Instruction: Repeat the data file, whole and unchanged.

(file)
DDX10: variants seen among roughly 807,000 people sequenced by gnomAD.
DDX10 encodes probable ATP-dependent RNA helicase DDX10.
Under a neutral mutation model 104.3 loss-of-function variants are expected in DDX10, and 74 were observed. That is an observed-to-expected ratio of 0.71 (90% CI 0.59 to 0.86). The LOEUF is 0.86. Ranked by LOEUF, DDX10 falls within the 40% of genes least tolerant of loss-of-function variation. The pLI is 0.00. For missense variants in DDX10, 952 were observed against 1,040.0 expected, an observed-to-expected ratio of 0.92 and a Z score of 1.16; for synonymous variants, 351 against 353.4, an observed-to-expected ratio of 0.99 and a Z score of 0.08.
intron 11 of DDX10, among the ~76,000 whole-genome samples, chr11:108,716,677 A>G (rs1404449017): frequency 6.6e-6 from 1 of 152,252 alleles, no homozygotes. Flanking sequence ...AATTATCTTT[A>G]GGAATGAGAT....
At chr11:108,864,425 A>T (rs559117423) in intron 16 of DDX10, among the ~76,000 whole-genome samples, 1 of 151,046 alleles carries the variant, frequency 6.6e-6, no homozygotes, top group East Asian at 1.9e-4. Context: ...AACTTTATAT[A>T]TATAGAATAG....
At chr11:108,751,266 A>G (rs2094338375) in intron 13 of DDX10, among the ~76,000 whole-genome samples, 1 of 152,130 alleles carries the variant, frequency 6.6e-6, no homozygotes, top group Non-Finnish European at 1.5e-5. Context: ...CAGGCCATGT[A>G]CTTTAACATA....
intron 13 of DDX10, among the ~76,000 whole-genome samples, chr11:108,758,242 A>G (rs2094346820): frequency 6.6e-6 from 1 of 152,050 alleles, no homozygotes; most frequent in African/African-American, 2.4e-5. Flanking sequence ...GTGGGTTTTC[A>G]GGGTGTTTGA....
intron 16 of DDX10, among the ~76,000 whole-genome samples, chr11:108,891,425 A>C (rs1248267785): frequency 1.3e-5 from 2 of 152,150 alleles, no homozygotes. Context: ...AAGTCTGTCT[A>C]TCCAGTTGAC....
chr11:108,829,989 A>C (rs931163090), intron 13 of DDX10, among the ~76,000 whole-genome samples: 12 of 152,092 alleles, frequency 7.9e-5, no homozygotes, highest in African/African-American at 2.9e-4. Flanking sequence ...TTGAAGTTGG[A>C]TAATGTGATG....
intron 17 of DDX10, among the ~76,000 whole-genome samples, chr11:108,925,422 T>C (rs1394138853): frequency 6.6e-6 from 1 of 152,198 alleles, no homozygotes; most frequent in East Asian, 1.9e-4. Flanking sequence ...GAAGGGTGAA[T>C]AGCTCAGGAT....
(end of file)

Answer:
DDX10: variants seen among roughly 807,000 people sequenced by gnomAD.
DDX10 encodes probable ATP-dependent RNA helicase DDX10.
Under a neutral mutation model 104.3 loss-of-function variants are expected in DDX10, and 74 were observed. That is an observed-to-expected ratio of 0.71 (90% CI 0.59 to 0.86). The LOEUF is 0.86. Ranked by LOEUF, DDX10 falls within the 40% of genes least tolerant of loss-of-function variation. The pLI is 0.00. For missense variants in DDX10, 952 were observed against 1,040.0 expected, an observed-to-expected ratio of 0.92 and a Z score of 1.16; for synonymous variants, 351 against 353.4, an observed-to-expected ratio of 0.99 and a Z score of 0.08.
intron 11 of DDX10, among the ~76,000 whole-genome samples, chr11:108,716,677 A>G (rs1404449017): frequency 6.6e-6 from 1 of 152,252 alleles, no homozygotes. Flanking sequence ...AATTATCTTT[A>G]GGAATGAGAT....
At chr11:108,864,425 A>T (rs559117423) in intron 16 of DDX10, among the ~76,000 whole-genome samples, 1 of 151,046 alleles carries the variant, frequency 6.6e-6, no homozygotes, top group East Asian at 1.9e-4. Context: ...AACTTTATAT[A>T]TATAGAATAG....
At chr11:108,751,266 A>G (rs2094338375) in intron 13 of DDX10, among the ~76,000 whole-genome samples, 1 of 152,130 alleles carries the variant, frequency 6.6e-6, no homozygotes, top group Non-Finnish European at 1.5e-5. Context: ...CAGGCCATGT[A>G]CTTTAACATA....
intron 13 of DDX10, among the ~76,000 whole-genome samples, chr11:108,758,242 A>G (rs2094346820): frequency 6.6e-6 from 1 of 152,050 alleles, no homozygotes; most frequent in African/African-American, 2.4e-5. Flanking sequence ...GTGGGTTTTC[A>G]GGGTGTTTGA....
intron 16 of DDX10, among the ~76,000 whole-genome samples, chr11:108,891,425 A>C (rs1248267785): frequency 1.3e-5 from 2 of 152,150 alleles, no homozygotes. Context: ...AAGTCTGTCT[A>C]TCCAGTTGAC....
chr11:108,829,989 A>C (rs931163090), intron 13 of DDX10, among the ~76,000 whole-genome samples: 12 of 152,092 alleles, frequency 7.9e-5, no homozygotes, highest in African/African-American at 2.9e-4. Flanking sequence ...TTGAAGTTGG[A>C]TAATGTGATG....
intron 17 of DDX10, among the ~76,000 whole-genome samples, chr11:108,925,422 T>C (rs1394138853): frequency 6.6e-6 from 1 of 152,198 alleles, no homozygotes; most frequent in East Asian, 1.9e-4. Flanking sequence ...GAAGGGTGAA[T>C]AGCTCAGGAT....